by Jay Wilburn
He lost his fingernails several days earlier, so the digging was going slower.
He wasn’t breathing, although his lungs kept fighting to draw in dust as he struggled. His mouth and throat packed with earth. Mud pressed between his teeth. His eyes and nostrils caked with the clay he dragged ground away above and around him.
He might as well have been clawing against stone.
He pumped his legs, but the ground pressed around him and he had no traction below him.
He continued to struggle toward the surface.
In his blindness, he panicked. He moved his head from side to side in the half inch of clearance he had made for himself around his mired skull. He thought for a moment that he had lost his sense of gravity in his long struggle. He thought he might have been turned around as he broke free from the pine that had long collapsed on top of him.
Maybe he was actually digging down and he would eventually be scratching against bedrock as he tore the numb flesh away from the bones of his fingers.
He continued to dig.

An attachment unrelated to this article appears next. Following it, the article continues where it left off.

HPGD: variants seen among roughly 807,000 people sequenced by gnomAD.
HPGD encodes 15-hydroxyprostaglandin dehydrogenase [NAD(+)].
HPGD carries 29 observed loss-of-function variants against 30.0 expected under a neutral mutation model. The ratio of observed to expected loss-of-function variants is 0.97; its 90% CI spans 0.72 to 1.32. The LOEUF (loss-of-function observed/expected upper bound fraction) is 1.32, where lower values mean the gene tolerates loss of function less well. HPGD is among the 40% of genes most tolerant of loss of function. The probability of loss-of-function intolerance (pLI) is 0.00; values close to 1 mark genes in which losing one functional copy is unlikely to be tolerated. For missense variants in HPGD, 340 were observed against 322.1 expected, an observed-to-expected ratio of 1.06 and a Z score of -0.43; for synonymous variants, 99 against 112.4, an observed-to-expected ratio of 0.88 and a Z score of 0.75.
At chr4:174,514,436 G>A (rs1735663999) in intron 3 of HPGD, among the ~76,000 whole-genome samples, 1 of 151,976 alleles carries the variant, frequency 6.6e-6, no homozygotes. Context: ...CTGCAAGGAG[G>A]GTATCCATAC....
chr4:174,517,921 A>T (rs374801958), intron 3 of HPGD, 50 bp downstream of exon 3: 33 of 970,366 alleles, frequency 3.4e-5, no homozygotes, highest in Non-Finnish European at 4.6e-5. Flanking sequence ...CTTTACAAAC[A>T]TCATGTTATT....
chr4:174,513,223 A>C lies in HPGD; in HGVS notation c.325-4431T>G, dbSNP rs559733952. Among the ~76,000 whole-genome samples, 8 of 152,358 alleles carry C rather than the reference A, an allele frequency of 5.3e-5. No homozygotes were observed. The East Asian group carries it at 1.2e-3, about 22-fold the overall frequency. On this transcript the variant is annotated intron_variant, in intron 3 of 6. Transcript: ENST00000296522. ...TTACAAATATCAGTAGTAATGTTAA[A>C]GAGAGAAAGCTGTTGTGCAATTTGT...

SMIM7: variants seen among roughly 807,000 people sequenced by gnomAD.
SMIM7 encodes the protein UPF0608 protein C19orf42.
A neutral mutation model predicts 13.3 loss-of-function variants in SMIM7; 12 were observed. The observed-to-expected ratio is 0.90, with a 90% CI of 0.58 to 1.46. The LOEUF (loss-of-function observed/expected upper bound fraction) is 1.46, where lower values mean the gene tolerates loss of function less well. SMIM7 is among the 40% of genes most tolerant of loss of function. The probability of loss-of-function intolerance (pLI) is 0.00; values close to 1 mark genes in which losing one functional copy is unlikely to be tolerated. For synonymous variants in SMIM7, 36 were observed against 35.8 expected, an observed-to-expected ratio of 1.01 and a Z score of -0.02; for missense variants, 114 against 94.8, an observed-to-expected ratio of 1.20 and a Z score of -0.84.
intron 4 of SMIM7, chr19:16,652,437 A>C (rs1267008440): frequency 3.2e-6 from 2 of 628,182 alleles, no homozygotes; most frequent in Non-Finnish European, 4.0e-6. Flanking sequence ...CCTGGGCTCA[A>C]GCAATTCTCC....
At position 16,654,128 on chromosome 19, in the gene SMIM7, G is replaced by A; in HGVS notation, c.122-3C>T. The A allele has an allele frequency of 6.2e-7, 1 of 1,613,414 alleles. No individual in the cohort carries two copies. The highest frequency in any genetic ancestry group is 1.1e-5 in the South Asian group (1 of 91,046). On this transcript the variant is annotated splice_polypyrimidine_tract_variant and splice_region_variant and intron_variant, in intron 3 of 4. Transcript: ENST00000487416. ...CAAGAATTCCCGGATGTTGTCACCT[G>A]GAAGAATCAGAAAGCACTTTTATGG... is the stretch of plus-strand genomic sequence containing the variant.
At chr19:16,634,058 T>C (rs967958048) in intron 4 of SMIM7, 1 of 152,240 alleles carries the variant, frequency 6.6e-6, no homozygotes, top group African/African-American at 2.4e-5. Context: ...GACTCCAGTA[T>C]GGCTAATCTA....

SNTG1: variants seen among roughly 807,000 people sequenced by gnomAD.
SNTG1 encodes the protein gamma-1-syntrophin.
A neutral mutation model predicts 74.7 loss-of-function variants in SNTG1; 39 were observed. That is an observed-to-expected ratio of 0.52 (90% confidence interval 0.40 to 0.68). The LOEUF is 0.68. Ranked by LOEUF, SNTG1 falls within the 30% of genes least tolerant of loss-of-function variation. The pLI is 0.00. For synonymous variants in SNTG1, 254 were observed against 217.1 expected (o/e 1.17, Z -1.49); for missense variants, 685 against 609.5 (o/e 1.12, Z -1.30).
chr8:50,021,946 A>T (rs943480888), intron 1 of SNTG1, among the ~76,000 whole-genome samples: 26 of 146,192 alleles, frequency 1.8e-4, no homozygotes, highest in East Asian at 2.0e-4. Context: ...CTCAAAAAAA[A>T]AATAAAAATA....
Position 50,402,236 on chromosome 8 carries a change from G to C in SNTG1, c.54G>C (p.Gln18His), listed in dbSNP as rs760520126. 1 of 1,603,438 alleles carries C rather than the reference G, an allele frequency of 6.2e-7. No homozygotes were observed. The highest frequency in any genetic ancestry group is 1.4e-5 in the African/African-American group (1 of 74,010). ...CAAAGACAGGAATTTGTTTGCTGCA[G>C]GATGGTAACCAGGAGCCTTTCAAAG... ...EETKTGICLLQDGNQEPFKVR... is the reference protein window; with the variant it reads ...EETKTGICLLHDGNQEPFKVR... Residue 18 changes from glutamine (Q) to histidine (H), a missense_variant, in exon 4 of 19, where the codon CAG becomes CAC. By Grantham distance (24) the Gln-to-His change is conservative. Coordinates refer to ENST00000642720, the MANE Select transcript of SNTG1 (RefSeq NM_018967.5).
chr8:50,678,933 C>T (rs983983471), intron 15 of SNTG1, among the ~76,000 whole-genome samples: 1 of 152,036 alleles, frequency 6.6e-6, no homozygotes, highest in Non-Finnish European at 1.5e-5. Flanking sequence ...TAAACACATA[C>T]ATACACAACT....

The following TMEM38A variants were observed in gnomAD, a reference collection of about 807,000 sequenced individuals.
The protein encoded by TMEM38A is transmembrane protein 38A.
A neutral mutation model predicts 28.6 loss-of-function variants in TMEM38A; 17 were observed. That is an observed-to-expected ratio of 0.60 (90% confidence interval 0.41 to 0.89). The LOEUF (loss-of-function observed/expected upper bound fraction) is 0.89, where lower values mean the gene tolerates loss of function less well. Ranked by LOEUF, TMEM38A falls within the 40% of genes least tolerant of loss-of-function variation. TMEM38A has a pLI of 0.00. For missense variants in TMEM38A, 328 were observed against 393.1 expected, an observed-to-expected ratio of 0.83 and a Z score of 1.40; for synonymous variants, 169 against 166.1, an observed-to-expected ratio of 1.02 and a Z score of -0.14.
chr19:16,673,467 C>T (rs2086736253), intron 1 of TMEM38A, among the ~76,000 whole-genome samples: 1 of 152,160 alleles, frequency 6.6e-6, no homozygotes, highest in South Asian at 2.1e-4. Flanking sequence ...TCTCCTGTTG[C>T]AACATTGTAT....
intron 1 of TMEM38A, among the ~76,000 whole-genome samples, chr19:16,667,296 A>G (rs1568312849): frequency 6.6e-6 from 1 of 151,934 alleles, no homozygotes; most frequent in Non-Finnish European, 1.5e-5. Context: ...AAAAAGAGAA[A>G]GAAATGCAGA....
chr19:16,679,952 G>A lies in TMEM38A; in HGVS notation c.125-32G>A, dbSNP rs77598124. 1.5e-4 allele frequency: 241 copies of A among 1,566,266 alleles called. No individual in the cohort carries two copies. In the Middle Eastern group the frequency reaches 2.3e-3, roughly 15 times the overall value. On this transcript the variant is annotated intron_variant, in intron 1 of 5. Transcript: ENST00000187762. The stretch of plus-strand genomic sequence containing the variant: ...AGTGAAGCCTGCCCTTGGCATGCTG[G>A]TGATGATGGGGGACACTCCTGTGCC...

He had torn loose the broken pieces of wood so long ago that he had no clear memory of the process. The splintered box lay under the dirt that he had been pushing down around his body and shoving below him.
He could not remember a time before the box and the earth. He could not picture the world before the darkness and suffocation.
The world was above the ground. He knew that in some part of his brain below the confusion and the anger.
There was someone above the ground that needed to pay the debt for this struggle. A person owed him blood for putting him in the prison of dirt. He did not have a name, but he sensed he could grasp it once he fed on oxygen again.
He felt a thin cord above him. He pulled his swollen finger through it until it snapped. He rolled it between the shredded skin.
The first whole word entered his strained mind since the struggle began, Root.
He drove both arms upward, covering his ears with his dirty shoulders. His hands came back with loose, black soil. He felt thinner roots and then grass. He could not conjure the word for it, but he sensed it was alive and he felt it had touched the oxygen like an electric crackle against his fingers.
The tips of his fingers broke out into the sunlight. Sensation racked through his battered body as fiery pain which erupted with contact to the light.
He pulled his charred fingers back into the dark earth.
He took his first real breath around the clogs of dirt in his throat as he pressed his smoking fingers into the topsoil.
His mind awoke.
Wait for it to finish setting and then I get started.